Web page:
They found that the rhinos responded differently depending on who the caller was. The rhinos could tell whether the caller was familiar or unfamiliar to them, whether they were male or a female, and whether they were a fellow southern white rhino or a northern white rhino. 

The researchers also analysed the calls and found that they differed in structure depending on whether they were performed by a male or female rhino. The male rhinos responded more strongly to female calls than to other males. 

In another study, researchers found that each call could be linked to an individual, in the same way that our voices are unique to us

Rhinos have very poor eyesight, and so being able to communicate vocally with one another over long distances is crucial. This research is important because it helps us to understand more about them. Understanding how they communicate with one another may also be critical for improving conservation efforts. 

Rhinos really are amazing animals.

Rhino conservation

The Javan and Sumatran rhinos in Asia are critically endangered. There are thought to be less than 80 Sumatran rhinos in the wild. A subspecies of the Javan rhino was declared extinct in Vietnam in 2011. A small population of around 60 Javan rhinos still clings to survival on the Indonesian island of Java. 

Successful conservation efforts have helped the third Asian species, the greater one-horned (or Indian) rhino, to increase in number. Their status was changed from Endangered to Vulnerable, and they survive in northern India and southern Nepal. They number around 3,500but the species is still threatened due to poaching for their horns.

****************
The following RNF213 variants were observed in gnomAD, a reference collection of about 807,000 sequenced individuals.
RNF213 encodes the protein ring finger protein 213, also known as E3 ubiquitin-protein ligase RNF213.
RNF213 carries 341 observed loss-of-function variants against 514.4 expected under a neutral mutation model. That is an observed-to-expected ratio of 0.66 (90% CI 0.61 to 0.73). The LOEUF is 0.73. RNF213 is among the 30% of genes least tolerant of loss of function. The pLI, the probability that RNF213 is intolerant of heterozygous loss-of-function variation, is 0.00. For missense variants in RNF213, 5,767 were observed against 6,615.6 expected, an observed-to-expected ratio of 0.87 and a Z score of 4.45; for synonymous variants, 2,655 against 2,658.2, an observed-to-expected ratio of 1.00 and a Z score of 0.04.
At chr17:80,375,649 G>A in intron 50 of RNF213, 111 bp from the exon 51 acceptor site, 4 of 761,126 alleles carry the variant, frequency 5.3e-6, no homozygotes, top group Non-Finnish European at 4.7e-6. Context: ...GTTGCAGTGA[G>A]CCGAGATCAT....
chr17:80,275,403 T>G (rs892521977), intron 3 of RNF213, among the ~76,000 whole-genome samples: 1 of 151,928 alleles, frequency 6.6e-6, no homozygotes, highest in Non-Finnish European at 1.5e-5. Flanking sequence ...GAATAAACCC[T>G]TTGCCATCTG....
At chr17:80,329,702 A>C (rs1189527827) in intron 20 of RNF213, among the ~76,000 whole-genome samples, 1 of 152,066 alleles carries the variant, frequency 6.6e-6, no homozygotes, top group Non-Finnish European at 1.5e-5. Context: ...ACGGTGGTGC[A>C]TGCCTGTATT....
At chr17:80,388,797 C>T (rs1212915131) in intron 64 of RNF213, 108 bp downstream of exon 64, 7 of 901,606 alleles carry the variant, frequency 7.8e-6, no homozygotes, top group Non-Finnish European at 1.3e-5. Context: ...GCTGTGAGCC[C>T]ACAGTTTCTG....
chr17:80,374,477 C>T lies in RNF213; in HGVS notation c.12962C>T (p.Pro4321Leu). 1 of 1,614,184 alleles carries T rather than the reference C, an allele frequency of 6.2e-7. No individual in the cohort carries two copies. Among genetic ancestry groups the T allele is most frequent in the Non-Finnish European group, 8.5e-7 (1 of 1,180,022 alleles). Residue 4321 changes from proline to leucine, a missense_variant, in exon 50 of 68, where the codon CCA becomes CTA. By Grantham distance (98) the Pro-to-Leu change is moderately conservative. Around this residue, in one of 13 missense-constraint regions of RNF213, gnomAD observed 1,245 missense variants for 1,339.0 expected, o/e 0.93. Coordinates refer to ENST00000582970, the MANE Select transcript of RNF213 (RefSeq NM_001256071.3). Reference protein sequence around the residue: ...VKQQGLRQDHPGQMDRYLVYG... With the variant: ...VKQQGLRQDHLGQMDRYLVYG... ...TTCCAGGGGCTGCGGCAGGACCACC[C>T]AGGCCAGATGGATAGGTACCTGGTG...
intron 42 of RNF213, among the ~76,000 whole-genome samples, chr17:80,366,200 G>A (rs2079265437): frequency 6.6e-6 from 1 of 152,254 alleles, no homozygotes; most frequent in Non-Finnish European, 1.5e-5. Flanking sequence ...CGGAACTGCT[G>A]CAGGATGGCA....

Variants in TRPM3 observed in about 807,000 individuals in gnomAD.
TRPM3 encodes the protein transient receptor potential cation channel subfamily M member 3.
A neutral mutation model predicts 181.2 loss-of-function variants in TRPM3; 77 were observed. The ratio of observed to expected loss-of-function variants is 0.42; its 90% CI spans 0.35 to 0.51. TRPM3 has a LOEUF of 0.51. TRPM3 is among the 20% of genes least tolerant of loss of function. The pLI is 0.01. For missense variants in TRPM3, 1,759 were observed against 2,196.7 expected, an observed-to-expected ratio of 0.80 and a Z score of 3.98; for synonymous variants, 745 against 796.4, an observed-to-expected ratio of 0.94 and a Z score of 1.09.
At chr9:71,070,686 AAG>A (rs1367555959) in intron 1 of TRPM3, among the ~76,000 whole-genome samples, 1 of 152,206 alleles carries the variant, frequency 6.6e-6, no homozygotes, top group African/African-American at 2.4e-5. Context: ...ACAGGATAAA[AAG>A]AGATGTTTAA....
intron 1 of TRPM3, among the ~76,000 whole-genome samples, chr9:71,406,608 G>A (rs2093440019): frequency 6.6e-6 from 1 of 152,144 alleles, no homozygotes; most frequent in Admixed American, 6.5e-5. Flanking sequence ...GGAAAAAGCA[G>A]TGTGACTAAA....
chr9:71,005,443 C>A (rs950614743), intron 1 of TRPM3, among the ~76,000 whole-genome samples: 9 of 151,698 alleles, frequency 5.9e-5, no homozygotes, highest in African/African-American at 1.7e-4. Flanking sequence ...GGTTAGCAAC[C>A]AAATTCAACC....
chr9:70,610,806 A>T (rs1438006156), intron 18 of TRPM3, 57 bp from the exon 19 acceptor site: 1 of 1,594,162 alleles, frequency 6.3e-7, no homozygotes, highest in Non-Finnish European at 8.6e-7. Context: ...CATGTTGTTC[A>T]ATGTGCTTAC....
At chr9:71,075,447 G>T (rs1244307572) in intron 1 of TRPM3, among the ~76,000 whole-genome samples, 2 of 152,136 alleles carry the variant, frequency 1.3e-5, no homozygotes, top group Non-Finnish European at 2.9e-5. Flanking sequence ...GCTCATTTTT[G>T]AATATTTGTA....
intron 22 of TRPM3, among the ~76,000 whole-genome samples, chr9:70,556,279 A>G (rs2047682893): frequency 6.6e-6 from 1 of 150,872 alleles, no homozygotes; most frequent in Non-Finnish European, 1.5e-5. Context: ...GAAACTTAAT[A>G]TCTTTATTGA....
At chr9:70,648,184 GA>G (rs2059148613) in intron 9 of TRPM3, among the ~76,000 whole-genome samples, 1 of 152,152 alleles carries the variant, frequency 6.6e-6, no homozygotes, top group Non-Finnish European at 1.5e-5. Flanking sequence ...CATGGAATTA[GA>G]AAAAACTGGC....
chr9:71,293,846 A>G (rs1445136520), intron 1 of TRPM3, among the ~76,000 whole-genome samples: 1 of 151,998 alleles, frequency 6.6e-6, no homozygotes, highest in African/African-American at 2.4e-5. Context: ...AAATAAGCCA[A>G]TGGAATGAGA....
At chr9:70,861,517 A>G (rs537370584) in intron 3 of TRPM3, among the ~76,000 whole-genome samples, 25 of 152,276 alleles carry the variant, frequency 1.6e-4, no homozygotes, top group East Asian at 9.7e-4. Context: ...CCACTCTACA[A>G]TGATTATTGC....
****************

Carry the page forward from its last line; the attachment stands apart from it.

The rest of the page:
In Africa, southern white rhinos, once thought to be extinct, are another conservation success as they have been brought back to sustainable numbers. In fact, there are thought to be just under 19,000 in the wild. Like the Asian rhinos however, they too are being increasingly poached for their horns, and their numbers are now crashing. 

Black rhinos have doubled in number over the past two decades from their low point of fewer than 2,500 individuals, and there are now thought to be around 5,000 in the wild. This is still a fraction of the estimated 100,000 that existed in the early part of the 20th century.

The western black rhino and northern white rhinos have recently gone extinct in the wild.

The main threat to these beautiful animals is illegal hunting, largely because their horns are used in traditional medicine, particularly in Asia.

To save the remaining rhinos, countries must work together to protect conservation sites and, crucially, to stop the illegal trade in rhino horns. That means stopping the poachers who kill the rhinos, but it also means tackling a vast network of organised crime that ships the horns to Asia.

It is also important to end the demand. Rhino horns are status symbols in China, and so people pay a lot of money for them. If demand could be stopped, some of the rhino species could start to recover. It may well be too late for some of the species and subspecies whose populations are now so small they could never recover, but it is not too late for them all.